Prof. Edwin van Teijlingen

CMMPH

Editorial by Dr. Way in top journal highlights midwifery education

Way editorial 2016The forthcoming editorial in Midwifery (Elsevier) by FHSS’s Dr Susan Way highlights the importance of midwifery education and its educators.[1]  This editorial makes reference to the recent series on midwifery in The Lancet.[2]  Of course, midwifery plays a vital role in improving the quality of care of women and infants globally. Dr. Way reminds us that consistent, high-quality midwifery care has a vital role to play in the reduction of maternal and newborn mortality. Outcomes are enhanced when care is led by midwives who are educated, licensed, regulated, integrated in the health system, and working in interdisciplinary teams, with ready access to specialised care when needed.

Midwifery one of the leading academic journals globally in the field of midwifery and maternity care.  Dr.Way is based in the Centre for Midwifery, Maternal & Perinatal Health in FHSS at the Lansdowne Campus.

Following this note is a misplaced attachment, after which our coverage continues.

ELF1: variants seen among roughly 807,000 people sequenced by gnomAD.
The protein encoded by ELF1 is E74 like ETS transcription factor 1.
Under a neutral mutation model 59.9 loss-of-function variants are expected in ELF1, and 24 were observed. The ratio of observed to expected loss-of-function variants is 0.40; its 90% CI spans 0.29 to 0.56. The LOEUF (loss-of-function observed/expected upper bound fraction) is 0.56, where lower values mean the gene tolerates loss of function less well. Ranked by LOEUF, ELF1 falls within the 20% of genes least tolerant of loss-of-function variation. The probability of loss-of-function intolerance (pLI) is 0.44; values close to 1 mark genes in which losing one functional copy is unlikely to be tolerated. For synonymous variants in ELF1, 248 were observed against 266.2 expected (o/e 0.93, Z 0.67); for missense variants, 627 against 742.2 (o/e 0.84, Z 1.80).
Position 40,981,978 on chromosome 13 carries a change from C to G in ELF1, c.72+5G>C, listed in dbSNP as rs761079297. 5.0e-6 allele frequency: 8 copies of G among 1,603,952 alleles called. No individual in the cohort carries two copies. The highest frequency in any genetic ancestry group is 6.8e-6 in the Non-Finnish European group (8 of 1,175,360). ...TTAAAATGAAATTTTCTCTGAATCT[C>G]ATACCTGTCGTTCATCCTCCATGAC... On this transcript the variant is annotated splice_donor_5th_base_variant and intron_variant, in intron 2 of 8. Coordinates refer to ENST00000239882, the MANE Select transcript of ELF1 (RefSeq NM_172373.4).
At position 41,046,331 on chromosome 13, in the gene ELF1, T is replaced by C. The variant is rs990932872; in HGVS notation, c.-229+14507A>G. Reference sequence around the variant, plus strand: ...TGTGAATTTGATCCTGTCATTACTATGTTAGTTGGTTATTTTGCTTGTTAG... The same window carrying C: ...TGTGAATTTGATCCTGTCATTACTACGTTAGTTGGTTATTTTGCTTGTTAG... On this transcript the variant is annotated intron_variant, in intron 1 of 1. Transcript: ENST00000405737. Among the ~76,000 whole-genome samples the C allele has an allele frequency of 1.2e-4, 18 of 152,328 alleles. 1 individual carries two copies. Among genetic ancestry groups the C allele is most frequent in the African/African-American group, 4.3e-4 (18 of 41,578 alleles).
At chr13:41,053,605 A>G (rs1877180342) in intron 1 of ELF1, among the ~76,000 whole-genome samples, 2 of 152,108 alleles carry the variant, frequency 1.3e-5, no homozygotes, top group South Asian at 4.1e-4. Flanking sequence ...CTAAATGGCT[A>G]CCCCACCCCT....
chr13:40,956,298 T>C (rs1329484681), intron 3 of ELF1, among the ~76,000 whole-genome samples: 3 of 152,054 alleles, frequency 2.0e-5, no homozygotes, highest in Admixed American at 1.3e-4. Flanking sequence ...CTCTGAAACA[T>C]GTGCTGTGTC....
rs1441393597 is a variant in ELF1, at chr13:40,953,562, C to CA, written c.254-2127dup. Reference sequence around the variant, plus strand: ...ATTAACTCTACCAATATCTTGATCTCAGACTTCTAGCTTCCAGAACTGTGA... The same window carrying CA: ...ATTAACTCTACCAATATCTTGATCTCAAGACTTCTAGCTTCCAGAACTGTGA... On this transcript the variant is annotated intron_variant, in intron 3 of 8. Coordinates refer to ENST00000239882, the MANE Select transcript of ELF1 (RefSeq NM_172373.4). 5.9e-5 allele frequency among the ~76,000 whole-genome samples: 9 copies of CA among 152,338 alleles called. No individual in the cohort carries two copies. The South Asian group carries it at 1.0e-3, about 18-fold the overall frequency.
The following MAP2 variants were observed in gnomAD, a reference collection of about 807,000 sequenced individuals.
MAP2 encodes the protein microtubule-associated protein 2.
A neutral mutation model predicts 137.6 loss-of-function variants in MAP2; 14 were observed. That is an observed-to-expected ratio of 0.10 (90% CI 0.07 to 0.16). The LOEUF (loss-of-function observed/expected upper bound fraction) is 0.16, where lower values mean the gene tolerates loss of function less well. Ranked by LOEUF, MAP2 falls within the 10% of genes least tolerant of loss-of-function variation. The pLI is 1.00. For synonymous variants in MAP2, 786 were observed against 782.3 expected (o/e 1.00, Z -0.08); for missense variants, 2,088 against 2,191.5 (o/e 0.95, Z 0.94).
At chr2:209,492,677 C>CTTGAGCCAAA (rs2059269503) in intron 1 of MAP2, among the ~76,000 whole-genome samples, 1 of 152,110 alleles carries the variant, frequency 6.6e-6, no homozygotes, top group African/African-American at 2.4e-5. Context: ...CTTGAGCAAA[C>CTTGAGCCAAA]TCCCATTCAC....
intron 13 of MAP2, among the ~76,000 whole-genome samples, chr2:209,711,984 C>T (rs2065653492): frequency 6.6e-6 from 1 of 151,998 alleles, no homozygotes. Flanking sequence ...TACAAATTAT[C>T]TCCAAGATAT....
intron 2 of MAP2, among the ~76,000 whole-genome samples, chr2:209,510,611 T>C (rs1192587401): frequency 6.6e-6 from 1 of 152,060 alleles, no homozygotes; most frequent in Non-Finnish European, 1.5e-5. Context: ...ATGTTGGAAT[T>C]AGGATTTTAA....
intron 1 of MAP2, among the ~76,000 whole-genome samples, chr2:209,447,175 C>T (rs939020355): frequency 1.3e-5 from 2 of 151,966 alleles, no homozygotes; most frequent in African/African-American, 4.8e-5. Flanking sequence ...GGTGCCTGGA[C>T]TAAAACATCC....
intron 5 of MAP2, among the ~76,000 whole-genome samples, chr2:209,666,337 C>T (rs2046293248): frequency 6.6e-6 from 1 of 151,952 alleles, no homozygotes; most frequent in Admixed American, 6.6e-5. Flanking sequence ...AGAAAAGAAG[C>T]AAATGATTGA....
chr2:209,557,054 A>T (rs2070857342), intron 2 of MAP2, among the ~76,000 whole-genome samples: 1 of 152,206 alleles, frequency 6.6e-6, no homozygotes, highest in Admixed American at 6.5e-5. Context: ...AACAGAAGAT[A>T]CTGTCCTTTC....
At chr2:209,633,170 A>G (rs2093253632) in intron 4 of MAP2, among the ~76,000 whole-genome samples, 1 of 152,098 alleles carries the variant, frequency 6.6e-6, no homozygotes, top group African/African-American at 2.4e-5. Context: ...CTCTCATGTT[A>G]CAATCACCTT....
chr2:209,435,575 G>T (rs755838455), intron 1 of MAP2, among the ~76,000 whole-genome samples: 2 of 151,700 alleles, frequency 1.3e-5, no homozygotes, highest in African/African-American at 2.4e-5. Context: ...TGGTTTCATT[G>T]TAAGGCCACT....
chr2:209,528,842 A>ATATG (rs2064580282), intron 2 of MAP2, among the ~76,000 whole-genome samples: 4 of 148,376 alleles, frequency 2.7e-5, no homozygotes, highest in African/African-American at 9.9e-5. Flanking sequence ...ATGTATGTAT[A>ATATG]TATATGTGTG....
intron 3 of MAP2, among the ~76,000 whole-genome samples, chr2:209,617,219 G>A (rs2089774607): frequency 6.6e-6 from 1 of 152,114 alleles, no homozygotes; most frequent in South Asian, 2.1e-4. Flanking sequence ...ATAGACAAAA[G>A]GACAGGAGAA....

Congratulations!

Prof. Edwin van Teijlingen

CMMPH

 

References:

  1. Way, S. (2015) Consistent, quality midwifery care: How midwifery education and the role of the midwife teacher are important contributions to the Lancet Series, Midwifery (online first) see: http://www.midwiferyjournal.com/article/S0266-6138(16)00021-8/abstract
  2. Renfrew, M.J., McFadden, A., Bastos, M.H. et al. (2014) Midwifery and quality care: findings from a new evidence-informed framework for maternal and newborn care. the Lancet. 384:1129–1145.

New paper by PhD student Sheetal Sharma

Sheetal Sharma, PhD student in the Centre for Midwifery, Maternal and Perinatal Health (CMMPH), published her latest paper this week in the Asian Journal of Social Sciences & Humanities [1].  The paper ‘Nepenglish’ or ‘Nepali English’: A New Version of English? raises the question whether we are beginning to see a new variant of English.

The paper is co-authored with Mrs. Pragyan Joshi from the United Nations Development Programme (UNDP) in Kathmandu and BU Prof. Edwin van Teijlingen.   Sheetal’s PhD research focuses on the evaluation of a large-sclae maternity care improvement intervention in rural Nepal.